In January, Maryland Dels. Lorig Charkoudian and David Fraser-Hidalgo and Sen. Ben Kramer announced a bill that would put a price on pollution and fund education and renewable energy. The proposal would charge a fee on fossil fuels at their first point of entry into the state, which may affect the price of products that are reliant on oil, gas, and petroleum.
I expect this to be the battle cry of the bill’s opponents this spring: It will cost businesses money and create higher prices for consumers. However, that narrative ignores the fact that we are already paying a much greater price for fossil fuels than what is displayed at the time of purchase.
In my lifetime, I have seen nine of the 10 hottest years ever recorded. The tenth, 1998, concluded just two months before my birthday. I cannot pretend that the earth isn’t warming and that we aren’t facing drastic temperature changes that will have far-reaching and devastating effects. Each year, the evidence becomes more abundant and the cost in human and animal life rises.
Why has it taken us so long to definitively act?
I did not choose to be born into a world reliant on fossil fuels. None of us did. Even if we could go back in time and change the course of history, I’m not sure that we would. The Industrial Revolution brought us a century of progress and innovation, and it was driven in large part by our ability to harvest fuel from the ground and create plastic, gasoline, and electricity.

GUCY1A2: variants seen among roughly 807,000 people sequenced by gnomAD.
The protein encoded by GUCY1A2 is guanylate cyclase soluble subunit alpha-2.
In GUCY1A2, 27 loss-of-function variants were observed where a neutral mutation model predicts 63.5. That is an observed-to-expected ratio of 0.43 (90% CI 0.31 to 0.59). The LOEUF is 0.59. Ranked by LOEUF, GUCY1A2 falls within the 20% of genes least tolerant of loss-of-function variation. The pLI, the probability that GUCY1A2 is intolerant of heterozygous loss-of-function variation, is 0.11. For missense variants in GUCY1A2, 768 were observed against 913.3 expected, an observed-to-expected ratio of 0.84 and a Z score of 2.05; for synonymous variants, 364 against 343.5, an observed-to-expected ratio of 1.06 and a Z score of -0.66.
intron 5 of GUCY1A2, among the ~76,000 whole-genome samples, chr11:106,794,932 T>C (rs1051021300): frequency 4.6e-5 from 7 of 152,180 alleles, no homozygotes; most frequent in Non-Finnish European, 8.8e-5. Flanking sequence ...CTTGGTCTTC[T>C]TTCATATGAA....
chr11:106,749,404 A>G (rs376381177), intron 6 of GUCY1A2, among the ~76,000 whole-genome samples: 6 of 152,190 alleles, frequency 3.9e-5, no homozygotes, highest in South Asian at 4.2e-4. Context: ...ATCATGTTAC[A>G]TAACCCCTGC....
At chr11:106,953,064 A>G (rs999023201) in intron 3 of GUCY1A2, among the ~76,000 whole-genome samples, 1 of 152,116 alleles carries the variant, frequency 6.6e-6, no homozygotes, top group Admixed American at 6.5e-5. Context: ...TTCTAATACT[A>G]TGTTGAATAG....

However, that era is over, and it is time for us to move forward. We know now that burning fossil fuels propels global climate change, causing ever-stronger natural disasters, famine-inducing droughts and floods, lost productivity, and health complications like asthma, heart disease, and dementia.
We cannot choose to hold on to our rose-tinted view of fossil fuels as a driver of economic progress when their costs are piling up.
Taxpayers have already paid millions to remedy the damage caused by climate change as we work to repair failing infrastructure, recover from natural disasters, and bear rising health care costs. A polluter fee will shift this cost from the average Marylander to the producers responsible for bringing fossil fuels into the state.
Once the external cost is accounted for in the supply chain, fossil fuel consumption and related product use will ultimately decrease, driving critical clean-energy innovation and preparing us to reach net-zero emissions by 2040.
We cannot continue to talk about how we are going to tackle the amorphous beast of climate change. We do not have time to parse the intricacies of this and that. Our oceans are warming, our land is burning, and our economy is faltering.
This bill is a stimulus for change that will carry us into a future of renewable energy and position Maryland to grow thousands of clean-energy jobs while investing in our families and public education. The Climate Crisis and Education Act is a way forward, a lifeline in a harrowing climate crisis.
Julia Clark, a student at the University of Maryland, College Park, is the leader of a student advocacy group dedicated to responding to climate change.